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King Cotton Diplomacy, King Cotton Diplomacy, 081735526X, 0-8173-5526-X, 978-0-8173-5526-5, 9780817355265,

King Cotton Diplomacy
Foreign Relations of the Confederate States of America

Quality Paper
644 pp.
Price:  $49.95 s

The exhaustive, definitive study of Southern attempts to gain international support for the Confederacy by leveraging the cotton supply for European intervention during the Civil War. Using previously untapped sources from Britain and France, along with documents from the Confederacy’s state department, Frank Owsley’s King Cotton Diplomacy is the first archival-based study of Confederate diplomacy.

Frank Lawrence Owsley (1890-1956) taught at Auburn, Birmingham-Southern, and then at Vanderbilt for 29 years before becoming the first incumbent of the Hugo Friedman Chair in Southern History at The University of Alabama in 1949. His other works include States Rights in the Confederacy and Plain Folk of the Old South.


Howard Jones is University Research Professor in the Department of History, University of Alabama. Among his numerous books are Mutiny on the Amistad: The Saga of a Slave Revolt and Its Impact on American Abolition, Law and Diplomacy; To the Webster-Ashburton Treaty: A Study in Anglo-American Relations, 1783-1843; Abraham Lincoln and a New Birth of Freedom: The Union and Slavery in the Diplomacy of the Civil War; and Union in Peril: The Crisis Over British Intervention in the Civil War.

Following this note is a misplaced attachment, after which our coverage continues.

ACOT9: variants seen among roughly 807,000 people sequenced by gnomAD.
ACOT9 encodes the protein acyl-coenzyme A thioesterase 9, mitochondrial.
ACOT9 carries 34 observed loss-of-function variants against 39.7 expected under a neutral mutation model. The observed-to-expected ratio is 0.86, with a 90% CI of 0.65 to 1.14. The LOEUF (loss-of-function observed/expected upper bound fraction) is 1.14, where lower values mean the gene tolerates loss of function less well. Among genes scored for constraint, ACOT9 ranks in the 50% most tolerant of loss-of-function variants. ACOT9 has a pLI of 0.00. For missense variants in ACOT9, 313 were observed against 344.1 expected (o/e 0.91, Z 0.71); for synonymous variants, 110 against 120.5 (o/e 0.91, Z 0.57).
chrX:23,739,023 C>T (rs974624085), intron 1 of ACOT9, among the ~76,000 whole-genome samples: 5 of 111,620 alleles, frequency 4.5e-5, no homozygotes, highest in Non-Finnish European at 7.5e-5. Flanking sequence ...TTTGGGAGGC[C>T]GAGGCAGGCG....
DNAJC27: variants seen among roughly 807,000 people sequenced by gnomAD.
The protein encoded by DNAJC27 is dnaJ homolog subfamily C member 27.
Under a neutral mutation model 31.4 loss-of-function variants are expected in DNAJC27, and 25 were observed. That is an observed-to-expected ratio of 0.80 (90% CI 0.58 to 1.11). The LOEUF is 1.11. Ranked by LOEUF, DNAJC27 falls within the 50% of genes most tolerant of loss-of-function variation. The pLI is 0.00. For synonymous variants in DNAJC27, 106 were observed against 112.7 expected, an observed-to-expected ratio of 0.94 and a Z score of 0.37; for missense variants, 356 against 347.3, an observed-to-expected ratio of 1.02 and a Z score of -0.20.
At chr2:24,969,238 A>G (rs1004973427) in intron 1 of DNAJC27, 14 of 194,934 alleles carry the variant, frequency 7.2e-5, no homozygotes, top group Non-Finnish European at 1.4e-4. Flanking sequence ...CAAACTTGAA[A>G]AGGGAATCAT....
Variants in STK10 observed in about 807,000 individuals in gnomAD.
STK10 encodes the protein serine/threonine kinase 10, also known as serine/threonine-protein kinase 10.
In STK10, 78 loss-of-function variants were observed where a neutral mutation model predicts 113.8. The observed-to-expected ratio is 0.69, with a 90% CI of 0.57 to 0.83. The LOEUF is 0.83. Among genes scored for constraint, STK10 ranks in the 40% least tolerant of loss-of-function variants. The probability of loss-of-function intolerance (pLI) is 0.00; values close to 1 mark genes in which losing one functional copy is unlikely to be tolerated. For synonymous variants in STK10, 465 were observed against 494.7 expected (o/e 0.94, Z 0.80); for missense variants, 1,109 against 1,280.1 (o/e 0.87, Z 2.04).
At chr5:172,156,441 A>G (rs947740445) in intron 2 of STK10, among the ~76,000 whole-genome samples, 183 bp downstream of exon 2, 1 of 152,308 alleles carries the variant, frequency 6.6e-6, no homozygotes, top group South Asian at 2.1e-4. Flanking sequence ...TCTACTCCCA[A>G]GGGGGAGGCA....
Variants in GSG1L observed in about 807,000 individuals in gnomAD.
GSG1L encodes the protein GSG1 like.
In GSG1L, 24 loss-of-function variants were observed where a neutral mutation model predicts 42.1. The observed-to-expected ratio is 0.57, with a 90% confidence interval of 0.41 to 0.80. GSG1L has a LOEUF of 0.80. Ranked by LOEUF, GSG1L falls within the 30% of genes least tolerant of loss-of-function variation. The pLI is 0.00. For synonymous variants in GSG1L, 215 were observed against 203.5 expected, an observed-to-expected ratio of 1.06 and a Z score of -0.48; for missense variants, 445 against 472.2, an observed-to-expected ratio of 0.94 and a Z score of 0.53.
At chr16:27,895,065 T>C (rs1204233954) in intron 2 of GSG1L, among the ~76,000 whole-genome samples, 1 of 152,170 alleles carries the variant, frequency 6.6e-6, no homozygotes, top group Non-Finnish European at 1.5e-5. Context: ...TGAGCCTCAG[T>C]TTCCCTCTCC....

“[T]he most important contribution that has so far been made to the diplomatic history of the United States during this period.  Owsley recognizes the significance of economic forces underlying politics and diplomacy with the result that he has extended the scope of his study beyond the documents and given a much more valid interpretation of the diplomatic history of this period.”--Mississippi Valley Historical Review

“On its initial publication King Cotton Diplomacy was hailed as a definitive study of Confederate foreign affairs. It was most highly acclaimed for its fresh interpretations of the reasons why England and France refused to grant recognition and aid to the Confederacy. Harriet Chappell Owsley presents a new and revised edition . . . and has in many places tightened and improved the literary style, but she has permitted the new volume to retain both the substance and the flavor of the earlier edition.”--Mississippi Valley Historical Journal

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